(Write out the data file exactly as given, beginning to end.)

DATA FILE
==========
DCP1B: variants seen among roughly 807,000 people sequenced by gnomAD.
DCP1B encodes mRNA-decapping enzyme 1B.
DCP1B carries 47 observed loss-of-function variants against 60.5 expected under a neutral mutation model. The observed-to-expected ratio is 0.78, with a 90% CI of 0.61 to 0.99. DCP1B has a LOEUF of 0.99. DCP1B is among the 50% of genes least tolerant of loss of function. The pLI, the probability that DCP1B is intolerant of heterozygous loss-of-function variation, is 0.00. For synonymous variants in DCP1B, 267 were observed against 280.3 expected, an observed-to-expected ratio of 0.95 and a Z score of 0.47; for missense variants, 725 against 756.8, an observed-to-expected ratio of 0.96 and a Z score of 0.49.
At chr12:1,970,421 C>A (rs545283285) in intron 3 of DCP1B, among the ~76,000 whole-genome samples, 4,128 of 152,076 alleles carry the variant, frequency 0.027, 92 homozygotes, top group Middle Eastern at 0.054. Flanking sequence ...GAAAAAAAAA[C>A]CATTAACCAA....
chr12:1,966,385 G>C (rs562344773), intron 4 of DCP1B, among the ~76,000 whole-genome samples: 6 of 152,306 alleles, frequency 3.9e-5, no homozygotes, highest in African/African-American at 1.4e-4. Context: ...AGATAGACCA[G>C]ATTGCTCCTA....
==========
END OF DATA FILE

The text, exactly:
DCP1B: variants seen among roughly 807,000 people sequenced by gnomAD.
DCP1B encodes mRNA-decapping enzyme 1B.
DCP1B carries 47 observed loss-of-function variants against 60.5 expected under a neutral mutation model. The observed-to-expected ratio is 0.78, with a 90% CI of 0.61 to 0.99. DCP1B has a LOEUF of 0.99. DCP1B is among the 50% of genes least tolerant of loss of function. The pLI, the probability that DCP1B is intolerant of heterozygous loss-of-function variation, is 0.00. For synonymous variants in DCP1B, 267 were observed against 280.3 expected, an observed-to-expected ratio of 0.95 and a Z score of 0.47; for missense variants, 725 against 756.8, an observed-to-expected ratio of 0.96 and a Z score of 0.49.
At chr12:1,970,421 C>A (rs545283285) in intron 3 of DCP1B, among the ~76,000 whole-genome samples, 4,128 of 152,076 alleles carry the variant, frequency 0.027, 92 homozygotes, top group Middle Eastern at 0.054. Flanking sequence ...GAAAAAAAAA[C>A]CATTAACCAA....
chr12:1,966,385 G>C (rs562344773), intron 4 of DCP1B, among the ~76,000 whole-genome samples: 6 of 152,306 alleles, frequency 3.9e-5, no homozygotes, highest in African/African-American at 1.4e-4. Context: ...AGATAGACCA[G>C]ATTGCTCCTA....